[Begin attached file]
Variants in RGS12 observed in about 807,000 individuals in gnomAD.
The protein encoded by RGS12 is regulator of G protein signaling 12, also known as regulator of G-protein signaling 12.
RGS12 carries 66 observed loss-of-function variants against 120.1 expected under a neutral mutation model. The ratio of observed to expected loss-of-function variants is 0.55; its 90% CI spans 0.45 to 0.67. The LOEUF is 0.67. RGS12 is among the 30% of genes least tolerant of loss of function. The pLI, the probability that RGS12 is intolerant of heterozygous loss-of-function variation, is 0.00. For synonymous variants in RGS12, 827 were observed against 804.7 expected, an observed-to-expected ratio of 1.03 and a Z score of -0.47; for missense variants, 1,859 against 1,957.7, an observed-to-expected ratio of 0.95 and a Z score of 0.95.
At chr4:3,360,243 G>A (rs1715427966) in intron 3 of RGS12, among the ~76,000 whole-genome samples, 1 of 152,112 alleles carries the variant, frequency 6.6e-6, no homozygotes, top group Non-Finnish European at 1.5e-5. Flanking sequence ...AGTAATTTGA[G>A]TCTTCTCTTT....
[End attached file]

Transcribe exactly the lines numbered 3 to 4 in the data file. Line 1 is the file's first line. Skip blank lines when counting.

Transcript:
RGS12 carries 66 observed loss-of-function variants against 120.1 expected under a neutral mutation model. The ratio of observed to expected loss-of-function variants is 0.55; its 90% CI spans 0.45 to 0.67. The LOEUF is 0.67. RGS12 is among the 30% of genes least tolerant of loss of function. The pLI, the probability that RGS12 is intolerant of heterozygous loss-of-function variation, is 0.00. For synonymous variants in RGS12, 827 were observed against 804.7 expected, an observed-to-expected ratio of 1.03 and a Z score of -0.47; for missense variants, 1,859 against 1,957.7, an observed-to-expected ratio of 0.95 and a Z score of 0.95.
At chr4:3,360,243 G>A (rs1715427966) in intron 3 of RGS12, among the ~76,000 whole-genome samples, 1 of 152,112 alleles carries the variant, frequency 6.6e-6, no homozygotes, top group Non-Finnish European at 1.5e-5. Flanking sequence ...AGTAATTTGA[G>A]TCTTCTCTTT....